COVID-19 restrictions slowing arrival of foreign farmworkers | iNFOnews | Thompson-Okanagan's News Source

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COVID-19 restrictions slowing arrival of foreign farmworkers

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February 08, 2021 - 6:00 AM

It promises to be another challenging year for British Columbia agriculturalists relying on foreign temporary workers.

British Columbia Fruit Growers Association general manager Glen Lucas also calls 2021 a year of transition as farmers wait for government to indicate how they are going to support food production and security in the future.

Lucas says recent changes to international travel brought on by COVID-19 restrictions has disrupted the inflow of foreign workers.

“They are considered an essential service, but they still have to follow COVID-19 protocols for air travel, which now requires a negative test 72 hours before arrival in Canada and a new, three-day quarantine,” Lucas says.

A recent request by the federal government to airlines not to provide travel to the vacation hotspots of Mexico and the Caribbean haven’t helped, either.

“Those places are where most of our workers are coming from. When tourist numbers drop on those flights, they get cancelled, and most of the flights we normally book on are no longer scheduled,” he says.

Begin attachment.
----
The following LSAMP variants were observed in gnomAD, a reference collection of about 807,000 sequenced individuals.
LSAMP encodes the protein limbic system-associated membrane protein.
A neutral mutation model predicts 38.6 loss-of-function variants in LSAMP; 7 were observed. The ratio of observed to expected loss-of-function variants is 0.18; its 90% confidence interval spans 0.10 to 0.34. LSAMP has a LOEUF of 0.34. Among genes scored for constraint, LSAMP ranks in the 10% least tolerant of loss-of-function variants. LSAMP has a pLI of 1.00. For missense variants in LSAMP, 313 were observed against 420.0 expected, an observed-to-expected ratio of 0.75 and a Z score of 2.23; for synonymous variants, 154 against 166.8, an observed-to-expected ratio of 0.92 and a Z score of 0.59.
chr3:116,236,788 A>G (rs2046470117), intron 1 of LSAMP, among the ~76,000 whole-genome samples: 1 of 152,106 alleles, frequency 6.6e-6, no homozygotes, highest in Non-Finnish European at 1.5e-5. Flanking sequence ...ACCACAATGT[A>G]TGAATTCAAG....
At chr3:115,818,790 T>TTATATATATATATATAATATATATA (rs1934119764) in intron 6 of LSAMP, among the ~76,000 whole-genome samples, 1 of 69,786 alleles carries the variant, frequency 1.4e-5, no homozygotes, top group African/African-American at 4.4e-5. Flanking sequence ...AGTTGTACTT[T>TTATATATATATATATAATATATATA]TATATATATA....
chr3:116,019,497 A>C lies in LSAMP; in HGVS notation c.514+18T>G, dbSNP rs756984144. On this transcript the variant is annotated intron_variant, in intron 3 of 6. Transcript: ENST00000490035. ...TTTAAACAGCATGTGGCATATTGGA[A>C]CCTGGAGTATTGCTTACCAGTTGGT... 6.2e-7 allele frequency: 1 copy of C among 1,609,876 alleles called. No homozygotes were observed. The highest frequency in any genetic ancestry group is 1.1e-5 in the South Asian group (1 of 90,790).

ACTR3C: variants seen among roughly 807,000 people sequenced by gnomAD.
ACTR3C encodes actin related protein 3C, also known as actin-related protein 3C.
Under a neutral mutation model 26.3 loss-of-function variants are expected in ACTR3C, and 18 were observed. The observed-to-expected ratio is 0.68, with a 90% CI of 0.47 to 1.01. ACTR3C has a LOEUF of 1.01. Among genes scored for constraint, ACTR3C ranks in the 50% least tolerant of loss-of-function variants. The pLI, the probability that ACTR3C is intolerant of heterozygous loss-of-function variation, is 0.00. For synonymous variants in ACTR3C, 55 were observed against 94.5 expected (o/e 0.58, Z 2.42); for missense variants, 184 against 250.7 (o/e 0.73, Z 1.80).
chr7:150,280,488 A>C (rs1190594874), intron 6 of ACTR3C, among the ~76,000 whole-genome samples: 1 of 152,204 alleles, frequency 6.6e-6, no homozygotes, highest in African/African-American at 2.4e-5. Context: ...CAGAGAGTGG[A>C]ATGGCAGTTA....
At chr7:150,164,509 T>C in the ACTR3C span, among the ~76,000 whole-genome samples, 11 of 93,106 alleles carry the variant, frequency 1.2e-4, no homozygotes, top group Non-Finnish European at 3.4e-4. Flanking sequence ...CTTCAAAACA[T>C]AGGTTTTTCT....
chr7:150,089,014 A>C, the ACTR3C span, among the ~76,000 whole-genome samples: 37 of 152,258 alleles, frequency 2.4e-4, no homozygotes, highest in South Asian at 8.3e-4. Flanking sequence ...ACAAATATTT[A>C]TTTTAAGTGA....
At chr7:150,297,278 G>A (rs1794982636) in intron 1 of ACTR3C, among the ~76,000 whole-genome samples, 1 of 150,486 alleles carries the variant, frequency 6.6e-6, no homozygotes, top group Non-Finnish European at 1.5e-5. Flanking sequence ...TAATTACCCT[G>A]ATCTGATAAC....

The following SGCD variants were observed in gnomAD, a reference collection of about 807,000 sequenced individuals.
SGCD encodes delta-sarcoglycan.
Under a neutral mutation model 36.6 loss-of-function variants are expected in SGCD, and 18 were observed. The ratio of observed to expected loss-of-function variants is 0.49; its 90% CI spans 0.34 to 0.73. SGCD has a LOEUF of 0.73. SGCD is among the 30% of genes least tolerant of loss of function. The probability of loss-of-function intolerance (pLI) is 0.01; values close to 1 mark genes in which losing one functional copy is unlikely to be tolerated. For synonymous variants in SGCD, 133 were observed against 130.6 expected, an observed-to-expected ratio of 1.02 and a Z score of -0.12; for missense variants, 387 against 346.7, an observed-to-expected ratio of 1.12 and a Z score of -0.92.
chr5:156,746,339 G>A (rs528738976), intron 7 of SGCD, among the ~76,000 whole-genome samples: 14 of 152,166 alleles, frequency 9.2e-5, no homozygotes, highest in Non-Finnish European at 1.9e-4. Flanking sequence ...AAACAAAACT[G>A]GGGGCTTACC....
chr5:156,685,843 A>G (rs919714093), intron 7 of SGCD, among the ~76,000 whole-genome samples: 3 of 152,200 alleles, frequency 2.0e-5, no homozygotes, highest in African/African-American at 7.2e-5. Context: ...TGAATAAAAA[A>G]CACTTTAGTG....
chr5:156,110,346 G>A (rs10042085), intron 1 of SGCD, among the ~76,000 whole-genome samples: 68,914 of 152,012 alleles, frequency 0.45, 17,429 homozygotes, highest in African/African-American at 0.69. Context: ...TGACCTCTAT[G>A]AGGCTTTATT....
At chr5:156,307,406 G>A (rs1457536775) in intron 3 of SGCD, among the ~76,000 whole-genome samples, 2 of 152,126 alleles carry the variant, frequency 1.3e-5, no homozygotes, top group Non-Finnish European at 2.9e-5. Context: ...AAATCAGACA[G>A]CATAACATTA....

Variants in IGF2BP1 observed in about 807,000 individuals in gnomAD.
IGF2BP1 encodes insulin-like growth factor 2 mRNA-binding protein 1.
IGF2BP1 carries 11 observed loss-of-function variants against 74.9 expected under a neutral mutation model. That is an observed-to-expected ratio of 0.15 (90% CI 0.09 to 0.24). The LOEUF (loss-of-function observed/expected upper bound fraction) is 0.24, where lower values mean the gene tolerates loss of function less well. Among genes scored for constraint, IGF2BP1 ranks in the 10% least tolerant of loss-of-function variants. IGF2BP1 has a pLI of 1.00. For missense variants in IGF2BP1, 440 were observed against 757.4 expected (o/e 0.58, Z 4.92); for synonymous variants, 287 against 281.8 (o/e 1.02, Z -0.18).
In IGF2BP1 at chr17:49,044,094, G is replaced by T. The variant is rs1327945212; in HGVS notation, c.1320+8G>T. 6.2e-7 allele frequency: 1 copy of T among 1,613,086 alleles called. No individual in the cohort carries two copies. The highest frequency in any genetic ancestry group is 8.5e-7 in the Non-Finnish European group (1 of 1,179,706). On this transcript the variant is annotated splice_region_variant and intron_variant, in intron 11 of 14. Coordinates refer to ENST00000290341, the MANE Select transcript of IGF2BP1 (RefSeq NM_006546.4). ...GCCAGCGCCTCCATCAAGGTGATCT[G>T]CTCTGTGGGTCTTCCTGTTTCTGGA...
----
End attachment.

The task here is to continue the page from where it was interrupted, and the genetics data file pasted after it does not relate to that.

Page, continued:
Lucas says the industry is chartering aircraft to bring workers in. He says the flow of workers coming in is uneven, but there is still "a high level of confidence they will arrive." 

Farmers and orchardists appreciated the provincial government’s efforts to provide a centralized, managed, two-week quarantine for arriving foreign workers, prior to sending them on to their final agricultural destination last year.

“That seemed to be very effective in controlling COVID-19 outbreaks on the farms, which is seen as very important in our sector. We’re happy to see it continuing this year,” he says.

Foreign workers working in the Okanagan now are assisting in pruning operations. The biggest demand for them in the province right now is for greenhouse workers as vegetable production gets underway.

Foreign workers are most needed in the Okanagan for the cherry harvest, which was decimated by poor spring weather last year. If this year’s crop improves, Lucas suspects the Okanagan will need more workers this year.

“Other sources of assistance has dried up. We were seeing increasing numbers of Eastern European farmworkers, but they can’t get travel visas with COVID-19. International backpackers and those travelling from within Canada are down to next to nothing, and Kelowna has one of the lowest unemployment rates in the province,” he says.

Local workers are important but they tend to be more interested in non-agricultural work.

Growers are being told if labour demands return to average levels, the foreign worker program is going to have to be expanded.

Apple and cherry farmers may find themselves ‘triaging’ their crops as many had to do last year, if labour shortages become an issue.

“Last year, cherry orchardists had to decide whether to stop picking one variety as another ripened, because of a lack of manpower to get everything picked. I think we could see some crop loss this year because of that,” he says.

Last year’s apple prices were disastrous to the Okanagan’s apple growers as well. Lucas says many growers have cut apple orchards down and are leaving the orchard fallow until there are signs of a clearer course in the fruit growing market.

“A lot of growers are going to wait it out and see what government plans to do to support local food production,” he says.


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